Care home providers need to incorporate evidence-informed actions to prevent UTI into routine daily care so that the risk of acquiring an infection is minimised. They also need to support the accurate recognition of UTI to ensure residents receive the most appropriate care and unnecessary antibiotic prescribing is reduced. The whole care team, including individual residents, their family carers, care home staff and visiting health professionals need to be involved in developing and implementing these strategies. 

A system-wide approach with regulatory and inspection frameworks aligned to evidence on prevention and recognition of UTI is also vital to ensure that resources and infrastructure are available to enable care home managers and their staff to prioritise this as part of person-centred care. Key recommendations for system-wide actions include: 

• Commissioners/regulators of care identify prevention and accurate recognition of UTI as a priority area of care for care homes and facilitate access to relevant expertise to support improvement activity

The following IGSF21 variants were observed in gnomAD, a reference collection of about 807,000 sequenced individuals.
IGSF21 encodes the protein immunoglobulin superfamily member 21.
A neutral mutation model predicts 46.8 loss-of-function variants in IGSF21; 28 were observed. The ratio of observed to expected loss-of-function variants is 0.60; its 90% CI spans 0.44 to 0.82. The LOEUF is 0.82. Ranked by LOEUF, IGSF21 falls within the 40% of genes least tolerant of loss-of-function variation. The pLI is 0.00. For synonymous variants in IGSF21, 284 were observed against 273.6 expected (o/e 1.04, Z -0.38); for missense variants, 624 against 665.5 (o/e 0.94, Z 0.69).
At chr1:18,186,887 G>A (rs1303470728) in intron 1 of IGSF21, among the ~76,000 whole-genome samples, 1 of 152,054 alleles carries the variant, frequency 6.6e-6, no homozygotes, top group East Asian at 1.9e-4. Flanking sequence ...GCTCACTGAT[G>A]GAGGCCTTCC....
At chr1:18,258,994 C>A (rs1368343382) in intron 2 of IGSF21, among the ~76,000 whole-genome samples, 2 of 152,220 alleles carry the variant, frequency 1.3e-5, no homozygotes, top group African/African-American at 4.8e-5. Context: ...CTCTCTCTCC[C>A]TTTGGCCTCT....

• Action is taken to facilitate access to relevant expertise to support multi-disciplinary assessment and treatment plans for residents with recurrent UTI who have the greatest potential to benefit from effective treatment

• Work is undertaken to harmonise decision and communication tools for the recognition and prevention of UTI with those focused on recognising deterioration to facilitate their adoption and integration in care homes


Lead researcher

Doctor Jacqui Prieto RN, PhD

Associate Professor

Research interests

  • Preventing urinary tract infection and catheter-associated urinary tract infection
  • Optimising hygiene behaviours in healthcare

Connect with Jacqui